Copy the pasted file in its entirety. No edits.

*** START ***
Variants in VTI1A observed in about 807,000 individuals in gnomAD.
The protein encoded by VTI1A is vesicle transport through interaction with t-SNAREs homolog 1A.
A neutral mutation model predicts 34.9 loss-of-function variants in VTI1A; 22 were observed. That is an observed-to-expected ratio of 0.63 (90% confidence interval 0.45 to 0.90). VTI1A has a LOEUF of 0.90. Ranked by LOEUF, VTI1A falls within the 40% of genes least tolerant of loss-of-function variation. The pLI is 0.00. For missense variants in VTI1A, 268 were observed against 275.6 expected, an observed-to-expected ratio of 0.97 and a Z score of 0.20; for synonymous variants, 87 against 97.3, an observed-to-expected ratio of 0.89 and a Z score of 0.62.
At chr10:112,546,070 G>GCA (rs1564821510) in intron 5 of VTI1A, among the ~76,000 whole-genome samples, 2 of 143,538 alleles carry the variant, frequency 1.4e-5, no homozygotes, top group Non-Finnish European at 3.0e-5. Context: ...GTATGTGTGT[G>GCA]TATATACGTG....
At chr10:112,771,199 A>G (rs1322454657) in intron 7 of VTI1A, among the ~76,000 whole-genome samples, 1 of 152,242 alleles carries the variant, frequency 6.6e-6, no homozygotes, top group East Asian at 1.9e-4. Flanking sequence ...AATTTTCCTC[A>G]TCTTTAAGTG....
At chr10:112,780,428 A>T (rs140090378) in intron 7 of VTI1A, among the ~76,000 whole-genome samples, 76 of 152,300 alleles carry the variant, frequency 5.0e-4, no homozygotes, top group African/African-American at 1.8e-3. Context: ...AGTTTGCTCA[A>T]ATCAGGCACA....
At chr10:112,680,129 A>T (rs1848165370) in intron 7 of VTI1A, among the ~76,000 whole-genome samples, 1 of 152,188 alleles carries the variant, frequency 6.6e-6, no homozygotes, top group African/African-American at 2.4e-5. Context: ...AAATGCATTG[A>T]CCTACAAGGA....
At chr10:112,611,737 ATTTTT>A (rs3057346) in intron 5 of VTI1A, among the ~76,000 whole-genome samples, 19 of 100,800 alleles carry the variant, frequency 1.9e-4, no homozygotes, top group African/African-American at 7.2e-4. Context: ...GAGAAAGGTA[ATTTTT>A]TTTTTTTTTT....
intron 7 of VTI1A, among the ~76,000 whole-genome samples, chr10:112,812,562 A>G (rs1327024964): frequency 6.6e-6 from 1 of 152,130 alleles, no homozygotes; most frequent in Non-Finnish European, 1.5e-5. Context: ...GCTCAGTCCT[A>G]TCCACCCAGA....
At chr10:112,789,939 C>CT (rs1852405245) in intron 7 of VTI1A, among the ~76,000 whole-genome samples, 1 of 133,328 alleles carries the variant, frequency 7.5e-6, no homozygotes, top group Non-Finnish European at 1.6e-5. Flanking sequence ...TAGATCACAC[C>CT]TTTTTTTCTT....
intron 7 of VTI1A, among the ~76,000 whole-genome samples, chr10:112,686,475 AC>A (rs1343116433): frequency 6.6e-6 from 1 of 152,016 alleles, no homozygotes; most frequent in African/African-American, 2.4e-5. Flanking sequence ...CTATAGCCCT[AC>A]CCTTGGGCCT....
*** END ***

Variants in VTI1A observed in about 807,000 individuals in gnomAD.
The protein encoded by VTI1A is vesicle transport through interaction with t-SNAREs homolog 1A.
A neutral mutation model predicts 34.9 loss-of-function variants in VTI1A; 22 were observed. That is an observed-to-expected ratio of 0.63 (90% confidence interval 0.45 to 0.90). VTI1A has a LOEUF of 0.90. Ranked by LOEUF, VTI1A falls within the 40% of genes least tolerant of loss-of-function variation. The pLI is 0.00. For missense variants in VTI1A, 268 were observed against 275.6 expected, an observed-to-expected ratio of 0.97 and a Z score of 0.20; for synonymous variants, 87 against 97.3, an observed-to-expected ratio of 0.89 and a Z score of 0.62.
At chr10:112,546,070 G>GCA (rs1564821510) in intron 5 of VTI1A, among the ~76,000 whole-genome samples, 2 of 143,538 alleles carry the variant, frequency 1.4e-5, no homozygotes, top group Non-Finnish European at 3.0e-5. Context: ...GTATGTGTGT[G>GCA]TATATACGTG....
At chr10:112,771,199 A>G (rs1322454657) in intron 7 of VTI1A, among the ~76,000 whole-genome samples, 1 of 152,242 alleles carries the variant, frequency 6.6e-6, no homozygotes, top group East Asian at 1.9e-4. Flanking sequence ...AATTTTCCTC[A>G]TCTTTAAGTG....
At chr10:112,780,428 A>T (rs140090378) in intron 7 of VTI1A, among the ~76,000 whole-genome samples, 76 of 152,300 alleles carry the variant, frequency 5.0e-4, no homozygotes, top group African/African-American at 1.8e-3. Context: ...AGTTTGCTCA[A>T]ATCAGGCACA....
At chr10:112,680,129 A>T (rs1848165370) in intron 7 of VTI1A, among the ~76,000 whole-genome samples, 1 of 152,188 alleles carries the variant, frequency 6.6e-6, no homozygotes, top group African/African-American at 2.4e-5. Context: ...AAATGCATTG[A>T]CCTACAAGGA....
At chr10:112,611,737 ATTTTT>A (rs3057346) in intron 5 of VTI1A, among the ~76,000 whole-genome samples, 19 of 100,800 alleles carry the variant, frequency 1.9e-4, no homozygotes, top group African/African-American at 7.2e-4. Context: ...GAGAAAGGTA[ATTTTT>A]TTTTTTTTTT....
intron 7 of VTI1A, among the ~76,000 whole-genome samples, chr10:112,812,562 A>G (rs1327024964): frequency 6.6e-6 from 1 of 152,130 alleles, no homozygotes; most frequent in Non-Finnish European, 1.5e-5. Context: ...GCTCAGTCCT[A>G]TCCACCCAGA....
At chr10:112,789,939 C>CT (rs1852405245) in intron 7 of VTI1A, among the ~76,000 whole-genome samples, 1 of 133,328 alleles carries the variant, frequency 7.5e-6, no homozygotes, top group Non-Finnish European at 1.6e-5. Flanking sequence ...TAGATCACAC[C>CT]TTTTTTTCTT....
intron 7 of VTI1A, among the ~76,000 whole-genome samples, chr10:112,686,475 AC>A (rs1343116433): frequency 6.6e-6 from 1 of 152,016 alleles, no homozygotes; most frequent in African/African-American, 2.4e-5. Flanking sequence ...CTATAGCCCT[AC>A]CCTTGGGCCT....